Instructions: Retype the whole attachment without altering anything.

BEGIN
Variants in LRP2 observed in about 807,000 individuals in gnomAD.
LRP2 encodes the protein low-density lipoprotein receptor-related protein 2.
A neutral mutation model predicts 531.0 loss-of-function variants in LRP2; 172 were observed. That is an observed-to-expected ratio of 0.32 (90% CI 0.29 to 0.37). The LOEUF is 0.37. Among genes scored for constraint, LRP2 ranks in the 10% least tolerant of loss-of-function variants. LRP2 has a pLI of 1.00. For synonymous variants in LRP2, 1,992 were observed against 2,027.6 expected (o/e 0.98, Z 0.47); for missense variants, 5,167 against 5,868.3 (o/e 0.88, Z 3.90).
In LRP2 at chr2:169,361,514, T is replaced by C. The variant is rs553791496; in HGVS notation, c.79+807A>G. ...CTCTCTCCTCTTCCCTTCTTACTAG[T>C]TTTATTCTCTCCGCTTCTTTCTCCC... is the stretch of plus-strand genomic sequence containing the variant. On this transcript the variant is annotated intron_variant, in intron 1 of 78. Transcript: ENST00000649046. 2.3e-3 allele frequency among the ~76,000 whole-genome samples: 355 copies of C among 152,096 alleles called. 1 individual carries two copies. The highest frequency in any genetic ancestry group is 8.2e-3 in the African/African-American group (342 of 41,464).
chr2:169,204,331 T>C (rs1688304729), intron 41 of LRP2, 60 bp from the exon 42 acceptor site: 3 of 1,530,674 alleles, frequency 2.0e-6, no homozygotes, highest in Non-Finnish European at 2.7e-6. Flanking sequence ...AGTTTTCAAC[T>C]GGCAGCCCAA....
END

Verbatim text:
Variants in LRP2 observed in about 807,000 individuals in gnomAD.
LRP2 encodes the protein low-density lipoprotein receptor-related protein 2.
A neutral mutation model predicts 531.0 loss-of-function variants in LRP2; 172 were observed. That is an observed-to-expected ratio of 0.32 (90% CI 0.29 to 0.37). The LOEUF is 0.37. Among genes scored for constraint, LRP2 ranks in the 10% least tolerant of loss-of-function variants. LRP2 has a pLI of 1.00. For synonymous variants in LRP2, 1,992 were observed against 2,027.6 expected (o/e 0.98, Z 0.47); for missense variants, 5,167 against 5,868.3 (o/e 0.88, Z 3.90).
In LRP2 at chr2:169,361,514, T is replaced by C. The variant is rs553791496; in HGVS notation, c.79+807A>G. ...CTCTCTCCTCTTCCCTTCTTACTAG[T>C]TTTATTCTCTCCGCTTCTTTCTCCC... is the stretch of plus-strand genomic sequence containing the variant. On this transcript the variant is annotated intron_variant, in intron 1 of 78. Transcript: ENST00000649046. 2.3e-3 allele frequency among the ~76,000 whole-genome samples: 355 copies of C among 152,096 alleles called. 1 individual carries two copies. The highest frequency in any genetic ancestry group is 8.2e-3 in the African/African-American group (342 of 41,464).
chr2:169,204,331 T>C (rs1688304729), intron 41 of LRP2, 60 bp from the exon 42 acceptor site: 3 of 1,530,674 alleles, frequency 2.0e-6, no homozygotes, highest in Non-Finnish European at 2.7e-6. Flanking sequence ...AGTTTTCAAC[T>C]GGCAGCCCAA....